Wednesday, December 3, 2014


In the world of guilty pleasures, or just meaningless activity, I must own up to watching American Horror Story. I got the first season on DVD while I was in Seattle working on the Fire Phone, and it scared the daylights out of me. I skipped the second season. I watched the third season with John and Melinda.

This season I like it even less, but I enjoy the art direction and seeing the regular actors take on different parts (Kathy Bates is particularly good as a bearded lady in this one). Emily Nussbaum, The New Yorker TV critic wrote about this season in the latest issue. I thought this was interesting:

American Horror Story” will never be for every viewer; it is, above all else, rude. In the first season, it was rude about a rapist in a black latext gimp mask. In the second season, it was rude about a lampshade made out of breast skin. In the third season, it was so rude that it was incoherent. By rude, I don’t mean “politically incorrect,” that inane term for celebrating stupid remarks for their honesty. I mean rude in a grander sense: brazen and crude and funky, open to the ugly as well as to the beautiful, with a vision of the body as a source of both suffering and ecstasy. This sort of rudeness derives from the understanding that, some of the time, a demand for politeness is really a demand to be quiet and disappear.”

Moving on. I copied that out yesterday. One post a day is enough. This has been a slow year, blog-writing-wise for me. 

So, moving on. Moving was the theme of the day, at least physically. And possibly in other ways, too.  S and I had a long, ongoing conversation today, weaving in and out of the personal and the universal, the micro and the macro. Perhaps the underlying theme was finding yourself, healing yourself, in this very confusing world we live in.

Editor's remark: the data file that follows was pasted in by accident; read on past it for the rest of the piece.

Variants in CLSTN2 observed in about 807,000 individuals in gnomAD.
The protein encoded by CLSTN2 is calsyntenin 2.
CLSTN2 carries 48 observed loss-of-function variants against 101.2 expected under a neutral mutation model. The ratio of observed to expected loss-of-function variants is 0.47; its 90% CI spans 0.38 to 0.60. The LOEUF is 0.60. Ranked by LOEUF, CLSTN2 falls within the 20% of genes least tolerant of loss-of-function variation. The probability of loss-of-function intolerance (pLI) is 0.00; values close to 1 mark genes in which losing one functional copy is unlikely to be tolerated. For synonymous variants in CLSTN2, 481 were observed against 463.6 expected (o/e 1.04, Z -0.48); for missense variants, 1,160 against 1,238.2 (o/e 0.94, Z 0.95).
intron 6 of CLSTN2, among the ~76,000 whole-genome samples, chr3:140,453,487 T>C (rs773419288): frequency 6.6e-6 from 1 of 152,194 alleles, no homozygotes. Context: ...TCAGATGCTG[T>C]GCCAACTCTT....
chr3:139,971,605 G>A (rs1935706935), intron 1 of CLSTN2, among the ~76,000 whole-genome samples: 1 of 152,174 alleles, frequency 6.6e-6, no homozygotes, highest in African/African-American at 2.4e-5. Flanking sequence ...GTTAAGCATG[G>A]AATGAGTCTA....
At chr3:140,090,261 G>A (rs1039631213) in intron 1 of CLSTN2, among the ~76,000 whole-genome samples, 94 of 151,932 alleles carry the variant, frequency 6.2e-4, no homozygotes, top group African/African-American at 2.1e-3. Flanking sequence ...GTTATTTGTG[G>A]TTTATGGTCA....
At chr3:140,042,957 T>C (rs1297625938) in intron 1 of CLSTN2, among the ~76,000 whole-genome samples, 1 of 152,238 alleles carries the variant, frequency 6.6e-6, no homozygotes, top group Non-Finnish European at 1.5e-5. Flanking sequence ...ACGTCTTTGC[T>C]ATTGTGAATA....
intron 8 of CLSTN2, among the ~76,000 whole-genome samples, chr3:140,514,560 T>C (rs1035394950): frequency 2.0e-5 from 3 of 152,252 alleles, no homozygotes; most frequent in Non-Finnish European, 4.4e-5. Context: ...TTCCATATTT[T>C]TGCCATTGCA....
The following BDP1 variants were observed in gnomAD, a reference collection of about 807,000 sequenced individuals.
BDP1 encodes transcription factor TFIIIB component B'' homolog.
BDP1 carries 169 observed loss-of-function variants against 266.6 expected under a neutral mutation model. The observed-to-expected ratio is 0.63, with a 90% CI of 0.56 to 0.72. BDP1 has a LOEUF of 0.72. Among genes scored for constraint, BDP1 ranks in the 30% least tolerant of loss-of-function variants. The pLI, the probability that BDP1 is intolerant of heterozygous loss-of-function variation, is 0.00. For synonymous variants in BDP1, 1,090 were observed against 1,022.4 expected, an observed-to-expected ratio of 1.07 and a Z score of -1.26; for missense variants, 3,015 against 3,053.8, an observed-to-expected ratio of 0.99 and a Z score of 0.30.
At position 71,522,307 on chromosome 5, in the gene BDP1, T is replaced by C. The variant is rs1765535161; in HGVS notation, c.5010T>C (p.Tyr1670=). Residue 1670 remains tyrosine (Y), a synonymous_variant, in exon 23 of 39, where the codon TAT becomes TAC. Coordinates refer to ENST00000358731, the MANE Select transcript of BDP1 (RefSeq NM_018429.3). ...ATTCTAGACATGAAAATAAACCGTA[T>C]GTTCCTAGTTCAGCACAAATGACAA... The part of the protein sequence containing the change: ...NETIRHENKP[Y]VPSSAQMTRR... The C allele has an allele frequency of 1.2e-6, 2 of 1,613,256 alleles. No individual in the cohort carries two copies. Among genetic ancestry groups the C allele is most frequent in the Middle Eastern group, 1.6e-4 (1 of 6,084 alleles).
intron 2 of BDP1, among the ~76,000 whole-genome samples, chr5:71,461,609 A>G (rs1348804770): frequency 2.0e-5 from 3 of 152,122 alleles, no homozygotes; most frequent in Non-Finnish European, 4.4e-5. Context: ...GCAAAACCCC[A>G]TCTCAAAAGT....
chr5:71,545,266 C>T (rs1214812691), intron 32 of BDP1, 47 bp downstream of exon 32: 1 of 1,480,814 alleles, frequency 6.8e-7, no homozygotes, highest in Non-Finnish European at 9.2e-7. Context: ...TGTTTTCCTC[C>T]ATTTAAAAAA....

And expectations. How for our generation and the next couple back, what we thought and expected to happen for us, and maybe to us, just ain't. And that's tough enough. But what is harder is figuring out what the fuck to do now and how to do it. So many of us human critters in this country are not getting the retirement and golden happiness on Golden Pond that our post WW2 culture and parents told us about. What I see around in the media, on line (is there a difference?) is still this promise of having it all. There isn't enough in the culture about the reality that the former middle class is living. We still aspire to Mercedes Benzes and second homes while we live in our cars. Maybe aspiration isn't all that great of a thing. What kind of "thing" is aspiration, anyway?

I know I am not saying anything new here, living it is a damn challenge. No direction home, indeed. The search for meaning ... does one ever find it, meaning? I guess you have to BE meaning.

One thing I was noticing in my friend and me is a certain lack of spark and joy. Was that another part of the fable we were fed? I've felt things like sparks and joy, but not for a very very long time. And what about that rude thing that Emily Nussbaum wrote about?

 And "they" tell us that life is full of ups and downs, but baby, this down has been going on for a good while and I, for one, am clueless as to how to change that. Hope is so speculative, another risk. Denial ended up being painful and not just for me but for those close to me. 

I'm a little sad, a little scared, and probably a lot tired. My back is a bit achy, but S did most of the work, so I did not re-injure myself. The cats are at sixes and sevens with furniture being moved. They are the dearest company. It will be hard being without Emmylou for a couple of months. She is such an excellent cat, with some of the better doglike features such as mostly coming when you call, and sleeping nearby. You can only carry on one cat per flight. 

In the midst of these life queries, I was looking for an outside anchor. While perusing my (many) unread Poem-of-the-Day emails, I found a poem from Bin Ramke, a poet I have liked. Plus Bin Ramke is such a strange, rather exotic name.


Lucretius loved Epicurus, knew
the world through him; his
meaning was clear: love as a way
of knowing, of assuming the known.

To know is to narrate.
People die trying to tell what
it was like there then. Others
die of not trying. The form of this
telling is, for example, 
a trellis. A growth controlled
unpredictable within measure.

Trellis. Tri licium. three threads.
The weaver knows
through the fingers the way worlds
hold together. Basket makers.
The shadow of a trellis is filled
against itself, against measure.
See the sun try again to
stop the movement of the rose

climbing among the woven ways.

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